Article published in:Perspectives on Arabic Linguistics: Papers from the annual symposia on Arabic Linguistics. Volume XXII–XXIII: College Park, Maryland, 2008 and Milwaukee, Wisconsin, 2009
Edited by Ellen Broselow and Hamid Ouali
[Current Issues in Linguistic Theory 317] 2011
► pp. 57–74
Leading, linking, and closing tones and tunes in Egyptian Arabic – what a simple intonation system tells us about the nature of intonation
This paper offers an analysis of the basic structure of the intonation system of Egyptian Arabic within an autosegmental framework. Contrary to mainstream work, it is assumed here that the primary units of intonation are not abstract targets but meaningful configurations. Intonation is thought of as an essentially iconic system. Thus three tonal configurations are identified in line with the metaphoric extensions of Ohala’s frequency code and correlated with pragmatic functions: A rising contour is characteristic for topic articulation, while a falling contour, signifying assertion, is used for the focal parts of an utterance. The third, neutral, tone is used for downplaying given material. The contours are obtained by manipulating the basic accent shape, a rise-fall, when associating the melody with the linguistic material. Manipulations are represented as features affecting the low and high targets of the individual accents.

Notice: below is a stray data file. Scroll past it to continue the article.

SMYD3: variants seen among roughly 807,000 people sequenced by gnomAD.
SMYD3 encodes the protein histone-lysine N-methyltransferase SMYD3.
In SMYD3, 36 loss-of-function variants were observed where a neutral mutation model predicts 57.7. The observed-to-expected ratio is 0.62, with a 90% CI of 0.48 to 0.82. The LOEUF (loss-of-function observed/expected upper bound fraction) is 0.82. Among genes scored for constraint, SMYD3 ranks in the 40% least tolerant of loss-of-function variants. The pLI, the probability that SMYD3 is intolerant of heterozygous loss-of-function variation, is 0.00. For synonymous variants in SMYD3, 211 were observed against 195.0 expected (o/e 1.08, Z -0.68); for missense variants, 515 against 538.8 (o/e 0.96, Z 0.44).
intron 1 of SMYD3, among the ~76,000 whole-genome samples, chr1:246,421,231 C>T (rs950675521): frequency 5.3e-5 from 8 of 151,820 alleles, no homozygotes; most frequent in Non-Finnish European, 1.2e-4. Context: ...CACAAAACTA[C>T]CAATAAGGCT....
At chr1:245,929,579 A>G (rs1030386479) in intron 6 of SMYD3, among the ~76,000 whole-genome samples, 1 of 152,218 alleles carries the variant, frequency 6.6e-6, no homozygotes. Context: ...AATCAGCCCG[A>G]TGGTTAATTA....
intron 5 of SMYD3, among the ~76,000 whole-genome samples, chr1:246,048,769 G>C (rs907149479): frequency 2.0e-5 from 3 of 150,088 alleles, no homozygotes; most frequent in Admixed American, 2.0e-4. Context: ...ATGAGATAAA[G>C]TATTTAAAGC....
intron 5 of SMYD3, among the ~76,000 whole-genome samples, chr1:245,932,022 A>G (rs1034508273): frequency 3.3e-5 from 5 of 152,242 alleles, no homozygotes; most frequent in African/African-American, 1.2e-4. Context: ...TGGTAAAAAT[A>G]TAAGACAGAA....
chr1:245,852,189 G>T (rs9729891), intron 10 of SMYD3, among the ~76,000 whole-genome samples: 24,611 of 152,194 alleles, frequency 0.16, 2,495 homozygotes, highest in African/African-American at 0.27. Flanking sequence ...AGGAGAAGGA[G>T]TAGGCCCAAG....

Published online: 21 December 2011
Cited by other publications
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